ABSTRACT: Context.-Because the skin and modified mucosal surfaces of the vulvar region contain dense apocrine glands and anogenital mammary-like glands, in addition to eccrine glands and folliculosebaceous units, benign as well as malignant lesions derived from these adnexal structures are, not surprisingly, found in the vulva. However, their incidence occurring in the vulva has not been reported, to our knowledge. Objective.-To determine the incidence of various vulvar adnexal lesions. Design.-We performed a retrospective review (1978-2010) of the cases at our institution. Results.-A total of 189 vulvar adnexal lesions were identified. Most of these lesions were benign (133 of 189; 70%), with hidradenoma papilliferum being the most common, followed by syringoma and various types of cysts. Rare cases of tubular adenoma, poroma, spiradenoma, hidradenoma, cylindroma, sebaceoma, and trichoepithelioma were identified. Malignant adnexal neoplasms comprised the remaining 30% (56 of 189) of the cases. Extramammary Paget disease was the most common (49 of 56), and 29% (14 of 49) demonstrated an invasive component. Rare cases of basal cell carcinoma, sebaceous carcinoma, apocrine carcinoma, adenoid cystic carcinoma, and spiradenocarcinoma were identified. Conclusions.-In this retrospective review, we identified several benign entities that have not been previously reported on the vulva, namely pilomatricoma, poroma, spiradenoma, and sebaceoma. Hidradenoma papilliferum and extramammary Paget disease were the most common benign and malignant adnexal neoplasms, respectively. The spectrum of various vulvar adnexal lesions appears to reflect the frequency of the underlying glandular elements.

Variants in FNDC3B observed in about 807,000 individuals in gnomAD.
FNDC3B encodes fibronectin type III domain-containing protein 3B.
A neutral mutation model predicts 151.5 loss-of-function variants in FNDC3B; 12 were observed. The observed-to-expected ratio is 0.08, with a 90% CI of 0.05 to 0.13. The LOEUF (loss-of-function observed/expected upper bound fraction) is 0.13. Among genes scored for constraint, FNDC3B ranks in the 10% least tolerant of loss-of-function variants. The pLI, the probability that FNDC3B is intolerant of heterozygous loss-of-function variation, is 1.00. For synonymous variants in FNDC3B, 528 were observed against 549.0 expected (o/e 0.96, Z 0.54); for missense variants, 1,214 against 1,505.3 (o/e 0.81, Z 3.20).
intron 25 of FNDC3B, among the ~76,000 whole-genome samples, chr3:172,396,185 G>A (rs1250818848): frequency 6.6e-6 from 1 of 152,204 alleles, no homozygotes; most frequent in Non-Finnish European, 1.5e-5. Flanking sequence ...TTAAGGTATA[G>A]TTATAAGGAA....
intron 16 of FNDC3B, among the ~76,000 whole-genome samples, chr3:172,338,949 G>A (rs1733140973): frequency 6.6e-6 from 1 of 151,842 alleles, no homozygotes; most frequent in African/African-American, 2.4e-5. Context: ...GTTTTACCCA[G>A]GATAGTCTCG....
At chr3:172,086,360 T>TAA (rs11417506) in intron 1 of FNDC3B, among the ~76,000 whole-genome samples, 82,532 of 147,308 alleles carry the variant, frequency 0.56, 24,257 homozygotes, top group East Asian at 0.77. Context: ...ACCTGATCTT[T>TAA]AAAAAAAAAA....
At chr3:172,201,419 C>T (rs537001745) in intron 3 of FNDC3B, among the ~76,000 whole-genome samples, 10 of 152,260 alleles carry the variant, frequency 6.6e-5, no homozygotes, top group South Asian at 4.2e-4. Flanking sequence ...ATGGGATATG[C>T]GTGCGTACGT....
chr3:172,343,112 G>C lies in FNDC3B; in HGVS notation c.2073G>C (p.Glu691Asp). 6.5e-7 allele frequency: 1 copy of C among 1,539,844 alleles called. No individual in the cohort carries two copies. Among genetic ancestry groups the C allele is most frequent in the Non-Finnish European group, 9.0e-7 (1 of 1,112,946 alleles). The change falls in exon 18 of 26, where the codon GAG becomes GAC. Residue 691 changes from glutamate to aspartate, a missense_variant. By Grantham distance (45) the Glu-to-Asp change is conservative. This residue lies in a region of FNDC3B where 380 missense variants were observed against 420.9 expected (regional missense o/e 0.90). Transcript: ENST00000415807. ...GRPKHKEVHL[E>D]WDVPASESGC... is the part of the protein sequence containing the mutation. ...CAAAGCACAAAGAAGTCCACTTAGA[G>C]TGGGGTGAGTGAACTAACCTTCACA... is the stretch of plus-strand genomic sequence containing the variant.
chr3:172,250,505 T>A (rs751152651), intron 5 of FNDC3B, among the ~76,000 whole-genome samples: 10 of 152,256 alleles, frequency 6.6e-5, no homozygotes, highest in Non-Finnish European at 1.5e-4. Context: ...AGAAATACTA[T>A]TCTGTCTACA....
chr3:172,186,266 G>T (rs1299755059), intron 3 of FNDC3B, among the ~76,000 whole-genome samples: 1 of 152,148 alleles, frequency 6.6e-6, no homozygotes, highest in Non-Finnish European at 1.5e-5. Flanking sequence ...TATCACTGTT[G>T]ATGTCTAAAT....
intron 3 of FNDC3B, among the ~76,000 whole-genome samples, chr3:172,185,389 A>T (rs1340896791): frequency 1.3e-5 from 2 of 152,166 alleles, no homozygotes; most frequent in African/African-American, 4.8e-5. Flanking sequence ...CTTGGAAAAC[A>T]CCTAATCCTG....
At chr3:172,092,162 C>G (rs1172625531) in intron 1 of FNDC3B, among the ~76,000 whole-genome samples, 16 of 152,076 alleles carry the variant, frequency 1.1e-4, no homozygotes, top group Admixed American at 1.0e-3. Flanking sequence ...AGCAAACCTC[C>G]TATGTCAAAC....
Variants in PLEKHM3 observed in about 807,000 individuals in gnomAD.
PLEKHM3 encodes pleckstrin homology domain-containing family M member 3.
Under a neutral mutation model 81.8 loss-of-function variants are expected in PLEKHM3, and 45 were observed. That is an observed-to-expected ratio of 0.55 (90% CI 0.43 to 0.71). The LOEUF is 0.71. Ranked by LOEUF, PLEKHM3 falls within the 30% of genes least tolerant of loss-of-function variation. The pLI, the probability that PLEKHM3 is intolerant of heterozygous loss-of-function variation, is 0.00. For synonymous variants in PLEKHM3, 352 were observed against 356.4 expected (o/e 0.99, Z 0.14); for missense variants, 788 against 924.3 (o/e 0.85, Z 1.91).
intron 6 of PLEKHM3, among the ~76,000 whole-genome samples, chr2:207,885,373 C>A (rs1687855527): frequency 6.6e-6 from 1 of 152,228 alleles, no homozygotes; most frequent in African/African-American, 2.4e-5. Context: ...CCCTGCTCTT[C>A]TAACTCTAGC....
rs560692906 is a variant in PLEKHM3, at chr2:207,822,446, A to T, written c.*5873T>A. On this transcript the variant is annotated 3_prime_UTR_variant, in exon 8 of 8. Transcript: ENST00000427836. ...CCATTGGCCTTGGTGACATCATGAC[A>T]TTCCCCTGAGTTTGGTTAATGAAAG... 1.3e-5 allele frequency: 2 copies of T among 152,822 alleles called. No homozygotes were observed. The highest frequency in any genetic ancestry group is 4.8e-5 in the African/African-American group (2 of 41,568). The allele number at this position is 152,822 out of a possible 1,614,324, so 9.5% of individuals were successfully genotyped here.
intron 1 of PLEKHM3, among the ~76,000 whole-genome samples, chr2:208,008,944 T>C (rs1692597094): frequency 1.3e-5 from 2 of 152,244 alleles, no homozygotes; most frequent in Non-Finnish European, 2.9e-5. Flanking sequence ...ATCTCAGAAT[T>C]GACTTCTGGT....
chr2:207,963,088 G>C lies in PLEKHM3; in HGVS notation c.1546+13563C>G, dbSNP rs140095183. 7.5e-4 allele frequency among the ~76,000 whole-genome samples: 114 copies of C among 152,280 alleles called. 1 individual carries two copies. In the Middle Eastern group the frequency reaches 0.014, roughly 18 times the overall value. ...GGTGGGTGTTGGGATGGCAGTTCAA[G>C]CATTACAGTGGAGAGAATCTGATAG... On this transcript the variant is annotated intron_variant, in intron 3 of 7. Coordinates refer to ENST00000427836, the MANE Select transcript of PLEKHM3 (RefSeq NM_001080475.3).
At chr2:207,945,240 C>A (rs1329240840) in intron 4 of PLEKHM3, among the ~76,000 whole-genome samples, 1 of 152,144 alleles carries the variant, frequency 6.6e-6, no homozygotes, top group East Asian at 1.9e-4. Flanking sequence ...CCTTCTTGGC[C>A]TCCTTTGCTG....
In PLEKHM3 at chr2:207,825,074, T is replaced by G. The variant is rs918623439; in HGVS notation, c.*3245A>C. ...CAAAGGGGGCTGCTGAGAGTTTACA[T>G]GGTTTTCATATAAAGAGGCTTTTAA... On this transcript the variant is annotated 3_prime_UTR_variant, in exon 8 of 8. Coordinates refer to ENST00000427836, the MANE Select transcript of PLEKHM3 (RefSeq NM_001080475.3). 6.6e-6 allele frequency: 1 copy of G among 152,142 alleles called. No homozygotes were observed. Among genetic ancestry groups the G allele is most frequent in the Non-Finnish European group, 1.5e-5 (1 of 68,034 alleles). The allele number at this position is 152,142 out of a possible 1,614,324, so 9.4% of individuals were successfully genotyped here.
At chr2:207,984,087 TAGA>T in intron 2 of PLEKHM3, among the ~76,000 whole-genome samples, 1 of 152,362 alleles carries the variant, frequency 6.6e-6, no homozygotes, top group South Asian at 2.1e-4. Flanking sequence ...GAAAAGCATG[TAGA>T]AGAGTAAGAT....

Archives of pathology & laboratory medicine 09/2013; 137(9):1237-46. DOI:10.5858/arpa.2012-0434-OA · 2.88 Impact Factor
  • [Show abstract] [Hide abstract]
    ABSTRACT: Nevus sebaceus is commonly associated with the development of secondary neoplasms. Data on the frequency of malignant tumors vary considerably in published reports. We sought to analyze the distribution of secondary neoplasm in nevus sebaceus. A retrospective analysis of all cases of nevus sebaceus diagnosed at the Ackerman Academy of Dermatopathology from 1999 to 2012 was conducted. A total of 706 patients (707 specimens) were included in the study. Trichoblastoma was the most frequent benign tumor (n = 52, 7.4%) followed by syringocystadenoma papilliferum (n = 33, 5.2%). Malignant tumors were present in 2.5% of the specimens with basal cell carcinoma being the most common (n = 8, 1.1%) followed by squamous cell carcinoma (n = 4, 0.57%). The incidence of secondary neoplasms was statistically related to age and anatomic site (P < .05). Almost all malignant tumors were seen in adults. Some of our cases were referred for second opinion and there may be a bias in our data toward unusual secondary neoplasms. Our study confirms that most of the secondary neoplasms arising in association with nevus sebaceus are benign. As no malignant tumors were seen in children, we believe it is reasonable to delay surgical management until adolescence.
    Journal of the American Academy of Dermatology 11/2013; 70(2). DOI:10.1016/j.jaad.2013.10.004 · 5.00 Impact Factor
Show more